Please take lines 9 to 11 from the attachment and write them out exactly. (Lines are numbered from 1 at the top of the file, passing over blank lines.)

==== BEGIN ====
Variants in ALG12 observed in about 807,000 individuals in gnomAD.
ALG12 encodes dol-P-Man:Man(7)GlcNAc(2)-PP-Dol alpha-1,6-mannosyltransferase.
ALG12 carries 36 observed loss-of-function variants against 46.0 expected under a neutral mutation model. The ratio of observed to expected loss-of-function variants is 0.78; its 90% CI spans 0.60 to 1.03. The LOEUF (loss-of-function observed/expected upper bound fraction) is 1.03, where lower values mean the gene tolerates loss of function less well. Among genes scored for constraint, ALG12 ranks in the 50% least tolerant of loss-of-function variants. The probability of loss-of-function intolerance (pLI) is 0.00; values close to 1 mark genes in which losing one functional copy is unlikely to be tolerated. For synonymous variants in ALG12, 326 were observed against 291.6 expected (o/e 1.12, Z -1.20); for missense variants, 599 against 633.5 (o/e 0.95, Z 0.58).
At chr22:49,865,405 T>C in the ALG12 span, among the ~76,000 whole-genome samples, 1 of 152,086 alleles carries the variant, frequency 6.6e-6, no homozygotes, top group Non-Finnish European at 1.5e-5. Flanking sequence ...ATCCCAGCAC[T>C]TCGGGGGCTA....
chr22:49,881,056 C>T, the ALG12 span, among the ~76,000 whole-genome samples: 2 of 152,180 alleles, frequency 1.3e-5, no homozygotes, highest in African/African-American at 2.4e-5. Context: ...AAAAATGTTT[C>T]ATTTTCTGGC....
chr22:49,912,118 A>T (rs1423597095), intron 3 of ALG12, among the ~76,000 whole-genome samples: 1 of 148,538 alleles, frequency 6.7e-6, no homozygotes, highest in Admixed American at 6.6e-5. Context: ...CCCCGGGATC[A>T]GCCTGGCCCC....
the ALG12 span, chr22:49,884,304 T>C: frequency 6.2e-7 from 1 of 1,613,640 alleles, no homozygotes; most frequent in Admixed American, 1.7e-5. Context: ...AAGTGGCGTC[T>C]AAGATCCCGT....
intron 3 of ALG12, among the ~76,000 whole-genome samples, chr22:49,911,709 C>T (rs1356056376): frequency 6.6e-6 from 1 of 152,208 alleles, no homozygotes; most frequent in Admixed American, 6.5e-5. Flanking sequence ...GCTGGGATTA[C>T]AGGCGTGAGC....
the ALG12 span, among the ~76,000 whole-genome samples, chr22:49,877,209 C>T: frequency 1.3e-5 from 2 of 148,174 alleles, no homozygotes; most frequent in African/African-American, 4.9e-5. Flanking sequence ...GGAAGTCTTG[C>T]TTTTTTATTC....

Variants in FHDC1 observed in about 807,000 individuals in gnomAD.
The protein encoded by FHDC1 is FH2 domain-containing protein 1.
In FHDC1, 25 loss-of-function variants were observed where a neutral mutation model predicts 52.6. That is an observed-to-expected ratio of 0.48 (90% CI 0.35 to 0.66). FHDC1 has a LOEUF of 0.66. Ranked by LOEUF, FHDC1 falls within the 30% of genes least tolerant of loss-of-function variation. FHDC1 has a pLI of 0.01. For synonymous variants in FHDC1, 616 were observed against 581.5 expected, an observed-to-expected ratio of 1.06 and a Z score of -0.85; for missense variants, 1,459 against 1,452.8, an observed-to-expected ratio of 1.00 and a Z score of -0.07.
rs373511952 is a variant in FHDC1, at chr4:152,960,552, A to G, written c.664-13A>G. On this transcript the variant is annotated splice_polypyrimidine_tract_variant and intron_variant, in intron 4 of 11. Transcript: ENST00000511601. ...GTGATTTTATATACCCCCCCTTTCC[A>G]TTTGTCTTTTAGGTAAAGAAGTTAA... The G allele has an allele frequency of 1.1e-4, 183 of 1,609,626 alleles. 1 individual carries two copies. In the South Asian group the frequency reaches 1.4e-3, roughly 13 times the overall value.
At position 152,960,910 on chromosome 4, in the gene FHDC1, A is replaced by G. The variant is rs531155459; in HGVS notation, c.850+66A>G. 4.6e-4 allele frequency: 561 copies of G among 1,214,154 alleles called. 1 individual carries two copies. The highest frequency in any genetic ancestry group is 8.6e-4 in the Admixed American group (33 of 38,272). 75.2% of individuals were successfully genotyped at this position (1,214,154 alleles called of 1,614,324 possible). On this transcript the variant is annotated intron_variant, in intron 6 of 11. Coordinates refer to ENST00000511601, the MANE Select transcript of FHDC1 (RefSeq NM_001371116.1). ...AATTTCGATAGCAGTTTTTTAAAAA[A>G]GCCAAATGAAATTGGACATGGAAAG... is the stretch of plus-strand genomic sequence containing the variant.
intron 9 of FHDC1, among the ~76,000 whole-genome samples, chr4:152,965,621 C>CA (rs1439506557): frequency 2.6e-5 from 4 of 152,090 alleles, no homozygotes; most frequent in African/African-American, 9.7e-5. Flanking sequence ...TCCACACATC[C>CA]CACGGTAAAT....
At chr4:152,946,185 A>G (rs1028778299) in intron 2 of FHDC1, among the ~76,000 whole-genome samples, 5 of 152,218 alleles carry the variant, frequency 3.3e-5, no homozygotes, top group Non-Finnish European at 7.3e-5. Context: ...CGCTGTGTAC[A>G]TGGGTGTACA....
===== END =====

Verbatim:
the ALG12 span, among the ~76,000 whole-genome samples, chr22:49,877,209 C>T: frequency 1.3e-5 from 2 of 148,174 alleles, no homozygotes; most frequent in African/African-American, 4.9e-5. Flanking sequence ...GGAAGTCTTG[C>T]TTTTTTATTC....

Variants in FHDC1 observed in about 807,000 individuals in gnomAD.
The protein encoded by FHDC1 is FH2 domain-containing protein 1.